by Richard J. Evans.
Penguin, 848 pp., £12.99, June 2017, 978 0 14 198114 7
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... The 19th was a century of letter-writers: as well as extraordinary correspondents like Alexander vonHumboldt, who is said to have written more than fifty thousand letters in his long life, millions of ordinary individuals could now send one another messages easily and economically. The British postal ...

Lumpers v. Splitters

Lorraine Daston: The Weather Watchers, 3 November 2005

Predicting the Weather: Victorians and the Science of Meteorology 
by Katharine Anderson.
Chicago, 331 pp., £31.50, July 2005, 0 226 01968 3
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... as important for scientific ontology as they were for data management. The great German naturalist Alexander vonHumboldt brilliantly synthesised the local with the global in artfully coloured and coded maps that showed the distribution of characteristic forms of vegetation (e.g. pines v. palms), thus creating what ...

Ghosts in the Picture

Adam Mars-Jones: Daniel Kehlmann, 22 January 2015

by Daniel Kehlmann, translated by Carol Brown Janeway.
Quercus, 258 pp., £16.99, October 2014, 978 1 84866 734 1
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... theme, the precariousness of rationality. The evenly matched subjects of Measuring the World are Alexander vonHumboldt, born 1769, geographer, naturalist and explorer, notably of Latin America, and Carl Friedrich Gauss, born 1777, hardly less prodigious as a mathematician and inventor. At first the structure of the ...

Almost Zero

Ian Hacking: Ideas of Nature, 10 May 2007

The Veil of Isis: An Essay on the History of the Idea of Nature 
by Pierre Hadot, translated by Michael Chase.
Harvard, 399 pp., £19.95, November 2006, 0 674 02316 1
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... years ago, an unintelligible frontispiece to a book published in 1807. The great German naturalist Alexander vonHumboldt came back from South America to produce a timeless masterpiece, The Geography of Plants; he had it prefaced with an engraving, a dedication to Goethe, in which a naked man with a lyre is lifting the ...

All the Necessary Attributes

Stephen Walsh: Franz Liszt, Celebrity, 22 September 2016

Franz Liszt: Musician, Celebrity, Superstar 
by Oliver Hilmes, translated by Stewart Spencer.
Yale, 353 pp., £25, June 2016, 978 0 300 18293 4
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... as the wife of a musician even greater than her father, while the second, the Princesse Carolyne von Sayn-Wittgenstein, more or less ran his life after 1848 when he completely abandoned giving concerts and set up as Kapellmeister to the court of Weimar. Hilmes’s account of these two central relationships is one of his book’s strong points. He gives space ...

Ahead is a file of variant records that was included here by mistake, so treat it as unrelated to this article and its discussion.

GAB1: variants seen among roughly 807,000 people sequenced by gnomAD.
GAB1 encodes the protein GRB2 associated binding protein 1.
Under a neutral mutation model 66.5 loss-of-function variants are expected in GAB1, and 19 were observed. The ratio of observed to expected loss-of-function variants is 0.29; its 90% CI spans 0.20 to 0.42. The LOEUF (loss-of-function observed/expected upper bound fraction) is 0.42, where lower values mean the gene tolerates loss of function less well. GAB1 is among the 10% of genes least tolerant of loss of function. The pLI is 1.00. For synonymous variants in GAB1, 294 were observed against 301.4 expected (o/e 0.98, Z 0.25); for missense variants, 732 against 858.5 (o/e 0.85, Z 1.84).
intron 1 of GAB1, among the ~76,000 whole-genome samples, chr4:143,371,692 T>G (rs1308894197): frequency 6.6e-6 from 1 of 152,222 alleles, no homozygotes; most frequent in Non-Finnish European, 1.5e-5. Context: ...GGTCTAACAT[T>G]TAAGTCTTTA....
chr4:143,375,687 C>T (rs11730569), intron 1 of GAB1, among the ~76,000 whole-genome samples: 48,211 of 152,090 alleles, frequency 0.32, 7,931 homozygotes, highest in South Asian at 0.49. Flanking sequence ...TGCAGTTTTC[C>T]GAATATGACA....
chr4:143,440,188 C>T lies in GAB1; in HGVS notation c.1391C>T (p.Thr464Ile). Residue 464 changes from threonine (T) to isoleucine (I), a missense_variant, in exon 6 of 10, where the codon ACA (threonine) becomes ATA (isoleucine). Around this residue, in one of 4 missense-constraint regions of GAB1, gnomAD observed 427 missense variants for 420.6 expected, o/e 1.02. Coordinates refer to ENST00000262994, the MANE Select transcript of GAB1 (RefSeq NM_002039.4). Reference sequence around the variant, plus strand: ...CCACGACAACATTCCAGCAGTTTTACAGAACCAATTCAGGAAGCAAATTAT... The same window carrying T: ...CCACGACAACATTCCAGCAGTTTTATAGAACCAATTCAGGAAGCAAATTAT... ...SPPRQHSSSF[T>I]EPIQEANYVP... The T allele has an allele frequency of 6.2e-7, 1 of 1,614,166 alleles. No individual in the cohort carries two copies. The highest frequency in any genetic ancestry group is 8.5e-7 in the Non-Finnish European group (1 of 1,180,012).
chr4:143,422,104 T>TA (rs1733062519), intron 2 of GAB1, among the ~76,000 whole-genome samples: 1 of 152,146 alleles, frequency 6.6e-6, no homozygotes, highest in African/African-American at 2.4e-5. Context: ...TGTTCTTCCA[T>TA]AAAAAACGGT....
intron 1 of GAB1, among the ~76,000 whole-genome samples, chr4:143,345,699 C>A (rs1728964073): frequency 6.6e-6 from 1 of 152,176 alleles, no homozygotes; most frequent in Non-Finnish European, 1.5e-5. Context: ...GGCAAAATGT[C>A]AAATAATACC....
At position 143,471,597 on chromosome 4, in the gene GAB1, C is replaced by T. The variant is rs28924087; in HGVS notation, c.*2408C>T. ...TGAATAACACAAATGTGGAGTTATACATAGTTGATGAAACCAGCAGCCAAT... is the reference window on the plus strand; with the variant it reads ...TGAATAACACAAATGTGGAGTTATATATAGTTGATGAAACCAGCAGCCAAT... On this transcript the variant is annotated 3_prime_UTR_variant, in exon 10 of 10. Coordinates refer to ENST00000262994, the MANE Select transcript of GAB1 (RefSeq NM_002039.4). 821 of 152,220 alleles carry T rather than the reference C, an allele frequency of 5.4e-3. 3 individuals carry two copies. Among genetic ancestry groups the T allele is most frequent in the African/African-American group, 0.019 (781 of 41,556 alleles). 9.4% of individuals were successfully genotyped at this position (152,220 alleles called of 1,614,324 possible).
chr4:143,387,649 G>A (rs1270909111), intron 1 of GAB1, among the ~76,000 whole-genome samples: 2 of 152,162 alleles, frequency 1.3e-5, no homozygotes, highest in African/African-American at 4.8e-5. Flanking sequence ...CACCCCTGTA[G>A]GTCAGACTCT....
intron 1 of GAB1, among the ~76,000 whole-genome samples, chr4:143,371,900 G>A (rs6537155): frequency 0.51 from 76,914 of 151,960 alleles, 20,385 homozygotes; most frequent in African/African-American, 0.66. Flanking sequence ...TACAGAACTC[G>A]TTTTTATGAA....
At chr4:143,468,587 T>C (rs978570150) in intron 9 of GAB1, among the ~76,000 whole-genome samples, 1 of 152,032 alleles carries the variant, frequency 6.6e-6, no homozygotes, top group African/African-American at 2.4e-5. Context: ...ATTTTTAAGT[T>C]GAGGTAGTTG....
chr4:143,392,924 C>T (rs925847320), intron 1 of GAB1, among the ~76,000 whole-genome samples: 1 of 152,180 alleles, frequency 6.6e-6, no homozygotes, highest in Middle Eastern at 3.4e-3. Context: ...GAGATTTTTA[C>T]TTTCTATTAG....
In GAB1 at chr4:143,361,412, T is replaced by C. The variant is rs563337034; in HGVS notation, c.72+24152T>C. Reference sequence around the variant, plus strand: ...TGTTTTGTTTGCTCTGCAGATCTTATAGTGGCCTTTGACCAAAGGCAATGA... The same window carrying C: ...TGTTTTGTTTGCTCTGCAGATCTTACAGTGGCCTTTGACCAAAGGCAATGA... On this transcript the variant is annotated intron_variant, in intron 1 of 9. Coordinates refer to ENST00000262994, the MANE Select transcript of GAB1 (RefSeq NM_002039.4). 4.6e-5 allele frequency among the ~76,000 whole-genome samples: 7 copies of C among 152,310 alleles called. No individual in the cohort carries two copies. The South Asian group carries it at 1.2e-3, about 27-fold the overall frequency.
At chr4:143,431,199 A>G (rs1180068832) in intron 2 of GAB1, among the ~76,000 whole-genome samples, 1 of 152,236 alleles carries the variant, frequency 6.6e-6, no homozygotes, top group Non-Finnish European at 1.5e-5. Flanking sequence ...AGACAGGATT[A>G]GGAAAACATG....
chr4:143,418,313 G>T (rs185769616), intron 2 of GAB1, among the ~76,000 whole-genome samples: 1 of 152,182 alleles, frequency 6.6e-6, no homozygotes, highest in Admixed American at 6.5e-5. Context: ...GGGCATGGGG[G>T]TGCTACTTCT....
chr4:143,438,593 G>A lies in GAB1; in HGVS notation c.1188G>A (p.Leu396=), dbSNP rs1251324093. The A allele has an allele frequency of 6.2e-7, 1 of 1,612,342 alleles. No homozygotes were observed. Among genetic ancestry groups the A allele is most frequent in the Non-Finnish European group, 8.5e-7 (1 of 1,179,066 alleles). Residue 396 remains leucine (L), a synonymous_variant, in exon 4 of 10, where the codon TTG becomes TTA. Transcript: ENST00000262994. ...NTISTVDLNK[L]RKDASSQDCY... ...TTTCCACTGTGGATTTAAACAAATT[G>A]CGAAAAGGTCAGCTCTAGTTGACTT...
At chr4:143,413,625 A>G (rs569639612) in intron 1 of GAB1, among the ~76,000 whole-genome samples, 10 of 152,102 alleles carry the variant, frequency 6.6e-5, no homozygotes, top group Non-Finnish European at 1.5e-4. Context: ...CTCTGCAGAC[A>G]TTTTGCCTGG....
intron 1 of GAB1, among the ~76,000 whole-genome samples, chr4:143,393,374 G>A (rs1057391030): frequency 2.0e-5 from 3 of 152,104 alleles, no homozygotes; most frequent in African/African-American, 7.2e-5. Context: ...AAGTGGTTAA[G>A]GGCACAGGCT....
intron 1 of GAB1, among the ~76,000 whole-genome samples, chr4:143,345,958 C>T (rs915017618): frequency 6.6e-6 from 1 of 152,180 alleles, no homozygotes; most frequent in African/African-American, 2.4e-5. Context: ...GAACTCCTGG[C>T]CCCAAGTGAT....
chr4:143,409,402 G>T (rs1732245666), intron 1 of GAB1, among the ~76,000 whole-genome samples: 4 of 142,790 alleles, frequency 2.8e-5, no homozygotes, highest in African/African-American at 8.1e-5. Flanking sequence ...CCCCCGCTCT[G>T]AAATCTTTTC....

Flowery Regions of Algebra

Simon Schaffer: Pierre Simon Laplace, 14 December 2006

Pierre Simon Laplace 1749-1827: A Determined Scientist 
by Roger Hahn.
Harvard, 310 pp., £21.95, November 2005, 0 674 01892 3
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... too: to the behaviour of light, heat and air. Staying for a couple of months in late 1802 in Lima, Alexander vonHumboldt grumbled about the city’s tedium, selfishness and indifference to suffering. Though he’d just climbed Chimborazo, then the highest recorded ascent, and happily surveyed the coastal guano ...

City of Blood

Peter Pulzer, 9 November 1989

The Jews of Vienna in the Age of Franz Joseph 
by Robert Wistrich.
Oxford, 696 pp., £45, June 1989, 0 19 710070 8
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Vienna and the Jews, 1867-1938: A Cultural History 
by Steven Beller.
Cambridge, 271 pp., £27.50, August 1989, 0 521 35180 4
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The German-Jewish Economic Elite 1820-1935: A Socio-Cultural Profile 
by W.E. Mosse.
Oxford, 369 pp., £35, October 1989, 0 19 822990 9
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Decadence and Innovation: Austro-Hungarian Life and Art at the Turn of the Century 
edited by Robert Pynsent.
Weidenfeld, 258 pp., £25, June 1989, 0 297 79559 7
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The Torch in My Ear 
by Elias Canetti, translated by Joachim Neugroschel.
Deutsch, 372 pp., £13.95, August 1989, 0 233 98434 8
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From Vienna to Managua: Journey of a Psychoanalyst 
by Marie Langer, translated by Margaret Hooks.
Free Association, 261 pp., £27.50, July 1989, 1 85343 057 9
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... that great treasury of German science and literature, Lessing and Schiller, Goethe and Alexander vonHumboldt.’ German culture seemed doubly the culture of freedom: it was not only the language of human idealism, but the gateway out of the ghetto. Indeed language became a weapon – in the hands of the ...